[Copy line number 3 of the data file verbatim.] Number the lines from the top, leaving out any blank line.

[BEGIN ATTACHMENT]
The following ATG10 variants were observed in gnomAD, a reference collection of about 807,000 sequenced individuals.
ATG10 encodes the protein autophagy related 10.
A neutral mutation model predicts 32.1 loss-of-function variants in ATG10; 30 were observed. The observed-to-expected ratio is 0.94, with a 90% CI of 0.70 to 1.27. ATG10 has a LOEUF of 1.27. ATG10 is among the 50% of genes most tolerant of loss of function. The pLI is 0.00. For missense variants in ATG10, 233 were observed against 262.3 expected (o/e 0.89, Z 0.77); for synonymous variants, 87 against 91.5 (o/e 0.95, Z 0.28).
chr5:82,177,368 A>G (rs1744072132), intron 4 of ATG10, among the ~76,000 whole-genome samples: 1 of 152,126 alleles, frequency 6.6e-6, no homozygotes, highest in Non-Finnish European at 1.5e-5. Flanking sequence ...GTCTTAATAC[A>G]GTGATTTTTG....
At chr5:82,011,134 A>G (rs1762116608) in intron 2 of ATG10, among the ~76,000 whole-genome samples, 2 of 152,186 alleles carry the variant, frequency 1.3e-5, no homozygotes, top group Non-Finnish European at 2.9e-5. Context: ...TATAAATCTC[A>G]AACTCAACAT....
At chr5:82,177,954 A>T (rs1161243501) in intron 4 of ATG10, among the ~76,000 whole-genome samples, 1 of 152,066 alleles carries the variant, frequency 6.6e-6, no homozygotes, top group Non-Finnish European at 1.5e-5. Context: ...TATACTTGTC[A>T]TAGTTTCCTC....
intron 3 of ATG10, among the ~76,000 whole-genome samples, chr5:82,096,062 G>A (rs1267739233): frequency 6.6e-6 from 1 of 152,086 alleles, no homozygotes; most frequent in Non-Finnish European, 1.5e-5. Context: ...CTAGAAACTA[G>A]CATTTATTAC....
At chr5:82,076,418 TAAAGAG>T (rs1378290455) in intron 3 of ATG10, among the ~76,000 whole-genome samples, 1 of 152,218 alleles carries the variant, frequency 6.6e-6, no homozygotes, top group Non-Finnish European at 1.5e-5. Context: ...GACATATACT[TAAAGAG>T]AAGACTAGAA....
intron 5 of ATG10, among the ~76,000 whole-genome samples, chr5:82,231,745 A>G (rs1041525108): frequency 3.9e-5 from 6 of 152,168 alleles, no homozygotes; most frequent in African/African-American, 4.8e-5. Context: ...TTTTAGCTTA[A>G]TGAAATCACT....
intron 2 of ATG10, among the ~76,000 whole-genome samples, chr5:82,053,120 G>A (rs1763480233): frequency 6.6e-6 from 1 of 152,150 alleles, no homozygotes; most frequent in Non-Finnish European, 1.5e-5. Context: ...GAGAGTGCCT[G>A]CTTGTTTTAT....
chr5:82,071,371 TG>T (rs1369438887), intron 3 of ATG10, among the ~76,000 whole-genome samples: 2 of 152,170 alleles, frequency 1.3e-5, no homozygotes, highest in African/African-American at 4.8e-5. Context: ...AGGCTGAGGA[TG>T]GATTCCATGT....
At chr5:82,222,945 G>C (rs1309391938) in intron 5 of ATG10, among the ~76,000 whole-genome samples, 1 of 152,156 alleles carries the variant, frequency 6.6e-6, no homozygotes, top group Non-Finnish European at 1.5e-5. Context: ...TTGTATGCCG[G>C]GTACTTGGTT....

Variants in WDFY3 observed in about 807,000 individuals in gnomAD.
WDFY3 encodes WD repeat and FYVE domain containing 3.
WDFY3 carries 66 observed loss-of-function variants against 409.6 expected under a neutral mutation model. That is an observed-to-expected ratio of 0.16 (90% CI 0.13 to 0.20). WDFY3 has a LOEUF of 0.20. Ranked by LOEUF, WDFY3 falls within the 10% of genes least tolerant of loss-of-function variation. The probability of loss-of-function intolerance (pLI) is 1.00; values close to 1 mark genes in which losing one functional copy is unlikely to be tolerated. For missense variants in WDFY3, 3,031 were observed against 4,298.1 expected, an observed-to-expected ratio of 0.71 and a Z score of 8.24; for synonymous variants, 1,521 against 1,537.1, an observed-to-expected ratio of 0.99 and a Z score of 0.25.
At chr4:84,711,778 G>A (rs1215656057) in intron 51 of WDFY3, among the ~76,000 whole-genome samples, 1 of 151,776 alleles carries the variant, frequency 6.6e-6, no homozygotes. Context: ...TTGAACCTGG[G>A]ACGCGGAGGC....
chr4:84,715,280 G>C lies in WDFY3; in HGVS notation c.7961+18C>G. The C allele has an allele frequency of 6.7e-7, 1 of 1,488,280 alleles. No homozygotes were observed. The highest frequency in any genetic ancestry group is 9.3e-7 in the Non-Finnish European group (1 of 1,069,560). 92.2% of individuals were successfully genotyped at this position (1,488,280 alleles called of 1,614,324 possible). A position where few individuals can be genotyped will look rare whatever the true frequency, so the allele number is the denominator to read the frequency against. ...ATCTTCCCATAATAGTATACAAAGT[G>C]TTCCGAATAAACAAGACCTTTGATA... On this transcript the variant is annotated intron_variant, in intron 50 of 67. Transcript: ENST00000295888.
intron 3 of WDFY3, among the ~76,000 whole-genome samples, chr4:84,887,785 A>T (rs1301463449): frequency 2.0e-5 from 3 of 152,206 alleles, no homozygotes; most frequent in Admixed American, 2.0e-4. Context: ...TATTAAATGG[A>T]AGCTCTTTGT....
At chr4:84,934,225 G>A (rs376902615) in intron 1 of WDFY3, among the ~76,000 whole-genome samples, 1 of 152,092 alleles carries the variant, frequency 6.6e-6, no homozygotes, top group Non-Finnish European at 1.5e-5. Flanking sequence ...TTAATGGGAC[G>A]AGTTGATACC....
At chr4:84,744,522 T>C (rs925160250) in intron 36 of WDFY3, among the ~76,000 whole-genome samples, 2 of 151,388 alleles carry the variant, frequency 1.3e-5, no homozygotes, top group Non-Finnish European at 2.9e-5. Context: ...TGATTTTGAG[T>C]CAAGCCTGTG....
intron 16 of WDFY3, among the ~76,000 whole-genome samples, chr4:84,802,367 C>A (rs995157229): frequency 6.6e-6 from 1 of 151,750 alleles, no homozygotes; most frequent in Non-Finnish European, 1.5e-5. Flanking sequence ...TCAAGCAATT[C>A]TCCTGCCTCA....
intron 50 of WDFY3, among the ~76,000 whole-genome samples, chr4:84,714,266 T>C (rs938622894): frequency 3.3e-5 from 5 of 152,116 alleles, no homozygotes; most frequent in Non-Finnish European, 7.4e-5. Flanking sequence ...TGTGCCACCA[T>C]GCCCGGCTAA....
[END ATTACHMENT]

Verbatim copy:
A neutral mutation model predicts 32.1 loss-of-function variants in ATG10; 30 were observed. The observed-to-expected ratio is 0.94, with a 90% CI of 0.70 to 1.27. ATG10 has a LOEUF of 1.27. ATG10 is among the 50% of genes most tolerant of loss of function. The pLI is 0.00. For missense variants in ATG10, 233 were observed against 262.3 expected (o/e 0.89, Z 0.77); for synonymous variants, 87 against 91.5 (o/e 0.95, Z 0.28).